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THE SKULLS

About The Cast
As they'd anticipated when they first read Pogue's script, The Skulls attracted some of Hollywood's top young talent, particularly the central role of Luke McNamara.

"The hero in The Skulls is Capraesque," says Cohen. "He's not your basic jock football quarterback." And to play Luke, Cohen and Moritz decided on one of Hollywood's most promising young actors, Joshua Jackson (Dawson's  Creek), who had been featured in supporting roles in two previous Moritz films: Urban Legend and Cruel Intentions.

"Josh was perfect for the lead in The Skulls," states Cohen. "In the great tradition of Spencer Tracy and Tom Hanks, he possesses that appealing 'every man' quality-a great deal of sincerity and heart."

Jackson says he felt an immediate affinity for the character of Luke and the film's exciting and morally complex thriller elements. "The Skulls has all the layers of a first rate morality tale, but without sacrificing the thriller aspect," he says. "So you can go and watch it for pure entertainment or go deeper and access the film's themes."

The textured tale of Luke's ambition allowed Jackson to go deep within himself and delve into issues he himself is facing in life.

"The story is about having the personal strength to stand alone. That's essentially the question that gets asked of my character. If you know that something is wrong, can you stand up and do what's right, even at a personal cost to you? At 21, I think this is one of the most serious questions that I, and my friends, are grappling with."

The role of Caleb Mandrake, Luke's soulmate in The Skulls, who comes from a long line of Skull members, seemed to fit another fast rising star to a tee...Paul Walker (Varsity Blues and She's All That).

"In so many ways, Paul is Caleb," says Cohen. "When you see him on screen, regardless of what he is doing, your eyes are drawn to him," says Cohen. "He has the kind of looks and charisma that make Caleb such a fascinating, ambiguous character."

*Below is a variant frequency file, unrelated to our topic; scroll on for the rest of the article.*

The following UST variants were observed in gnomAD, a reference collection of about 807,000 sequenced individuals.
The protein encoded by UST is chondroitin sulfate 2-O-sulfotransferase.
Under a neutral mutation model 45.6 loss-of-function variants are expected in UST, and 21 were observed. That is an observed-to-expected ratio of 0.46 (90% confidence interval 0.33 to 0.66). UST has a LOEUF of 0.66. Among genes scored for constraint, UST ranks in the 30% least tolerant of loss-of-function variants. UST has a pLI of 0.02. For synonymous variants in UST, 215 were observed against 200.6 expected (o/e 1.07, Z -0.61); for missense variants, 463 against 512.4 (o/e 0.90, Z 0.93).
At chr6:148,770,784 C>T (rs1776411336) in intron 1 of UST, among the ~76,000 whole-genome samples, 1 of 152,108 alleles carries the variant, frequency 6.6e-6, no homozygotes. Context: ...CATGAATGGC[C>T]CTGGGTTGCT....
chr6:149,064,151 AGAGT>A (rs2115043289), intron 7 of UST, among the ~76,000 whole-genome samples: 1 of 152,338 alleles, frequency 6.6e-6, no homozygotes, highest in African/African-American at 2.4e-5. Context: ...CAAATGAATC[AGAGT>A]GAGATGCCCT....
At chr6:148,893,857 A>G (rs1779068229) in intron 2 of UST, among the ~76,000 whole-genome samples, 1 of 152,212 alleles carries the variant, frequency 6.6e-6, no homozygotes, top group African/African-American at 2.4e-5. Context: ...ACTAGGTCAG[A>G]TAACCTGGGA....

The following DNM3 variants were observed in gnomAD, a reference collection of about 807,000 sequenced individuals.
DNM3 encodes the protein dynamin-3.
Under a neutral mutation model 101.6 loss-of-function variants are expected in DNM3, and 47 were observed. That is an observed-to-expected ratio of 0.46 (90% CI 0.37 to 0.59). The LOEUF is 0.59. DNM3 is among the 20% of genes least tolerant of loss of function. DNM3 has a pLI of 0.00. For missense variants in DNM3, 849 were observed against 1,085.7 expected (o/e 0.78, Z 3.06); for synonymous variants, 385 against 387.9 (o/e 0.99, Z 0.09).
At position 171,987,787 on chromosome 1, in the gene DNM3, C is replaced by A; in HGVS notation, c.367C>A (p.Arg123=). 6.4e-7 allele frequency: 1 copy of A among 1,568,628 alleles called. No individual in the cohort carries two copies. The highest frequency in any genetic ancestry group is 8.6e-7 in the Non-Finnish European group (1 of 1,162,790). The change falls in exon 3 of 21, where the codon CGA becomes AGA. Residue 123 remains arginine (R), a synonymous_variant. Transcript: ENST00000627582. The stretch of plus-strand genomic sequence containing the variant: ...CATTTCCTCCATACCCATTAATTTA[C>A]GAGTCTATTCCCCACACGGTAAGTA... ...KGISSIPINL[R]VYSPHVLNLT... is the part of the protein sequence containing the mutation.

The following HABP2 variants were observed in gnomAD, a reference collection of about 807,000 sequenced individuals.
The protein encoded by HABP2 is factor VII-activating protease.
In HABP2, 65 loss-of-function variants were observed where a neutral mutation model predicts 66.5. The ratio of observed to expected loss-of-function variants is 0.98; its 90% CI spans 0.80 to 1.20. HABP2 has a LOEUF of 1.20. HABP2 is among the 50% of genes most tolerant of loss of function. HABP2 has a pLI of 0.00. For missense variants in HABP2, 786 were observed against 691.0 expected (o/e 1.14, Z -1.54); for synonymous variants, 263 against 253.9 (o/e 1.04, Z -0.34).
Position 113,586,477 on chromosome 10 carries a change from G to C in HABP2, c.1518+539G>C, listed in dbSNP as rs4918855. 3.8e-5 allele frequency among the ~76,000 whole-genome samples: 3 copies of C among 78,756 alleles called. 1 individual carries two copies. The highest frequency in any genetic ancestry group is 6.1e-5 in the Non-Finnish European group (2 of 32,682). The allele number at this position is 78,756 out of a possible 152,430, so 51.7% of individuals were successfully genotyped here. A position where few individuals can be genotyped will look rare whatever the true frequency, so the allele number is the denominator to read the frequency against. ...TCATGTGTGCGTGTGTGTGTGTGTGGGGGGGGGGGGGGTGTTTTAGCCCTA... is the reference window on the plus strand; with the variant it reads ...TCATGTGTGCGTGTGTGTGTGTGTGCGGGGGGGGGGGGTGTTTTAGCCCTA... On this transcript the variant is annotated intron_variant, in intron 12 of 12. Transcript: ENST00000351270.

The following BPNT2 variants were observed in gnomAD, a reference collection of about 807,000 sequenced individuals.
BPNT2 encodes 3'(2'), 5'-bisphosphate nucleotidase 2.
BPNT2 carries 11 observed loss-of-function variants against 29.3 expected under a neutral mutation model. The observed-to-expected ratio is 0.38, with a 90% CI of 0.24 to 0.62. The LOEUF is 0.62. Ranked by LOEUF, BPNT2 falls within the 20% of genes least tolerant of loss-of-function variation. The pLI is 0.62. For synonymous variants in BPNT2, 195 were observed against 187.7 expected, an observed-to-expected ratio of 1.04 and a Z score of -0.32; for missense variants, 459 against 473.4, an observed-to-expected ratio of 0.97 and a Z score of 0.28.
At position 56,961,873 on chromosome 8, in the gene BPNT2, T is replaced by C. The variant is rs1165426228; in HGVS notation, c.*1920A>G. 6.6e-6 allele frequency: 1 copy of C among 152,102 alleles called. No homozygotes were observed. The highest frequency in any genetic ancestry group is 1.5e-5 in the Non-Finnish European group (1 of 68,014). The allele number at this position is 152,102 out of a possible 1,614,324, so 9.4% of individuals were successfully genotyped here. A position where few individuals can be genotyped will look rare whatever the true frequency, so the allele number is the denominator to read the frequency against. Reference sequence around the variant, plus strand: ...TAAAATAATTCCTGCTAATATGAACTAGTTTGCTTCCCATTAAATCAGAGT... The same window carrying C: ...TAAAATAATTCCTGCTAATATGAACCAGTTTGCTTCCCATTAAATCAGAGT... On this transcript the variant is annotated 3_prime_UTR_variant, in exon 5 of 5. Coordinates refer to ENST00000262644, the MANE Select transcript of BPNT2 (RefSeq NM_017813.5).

Like the character of Luke in the movie, Walker was drawn into Caleb Mandrake's world of casual privilege and amorality.

"Caleb was bred to carry on the family name," says Walker. "He has been taught to present a patina of grace, control and self-sufficiency. But behind that, Caleb is very unsure of himself. In some ways I think he wishes he was more like Luke, that he'd had to work harder and not have everything handed to him on a silver platter."

Moritz and Cohen soon realized that the combination of Jackson and Walker made for an exciting dramatic dynamic. Both actors had done their homework before stepping foot onto the set.

Walker confesses, "Caleb is far more challenging than many of my previous roles and I wanted to be up to it. Fortunately Rob made me feel very confident by being so supportive. He really knew how to bring out the best in me."

Rounding out the central cast were two other promising young talents, Hill Harper as Will and newcomer Leslie Bibb, who plays Chloe. Having attended Harvard University, Harper knew the Ivy League mentality and was impressed how astutely writer Pogue captured it.

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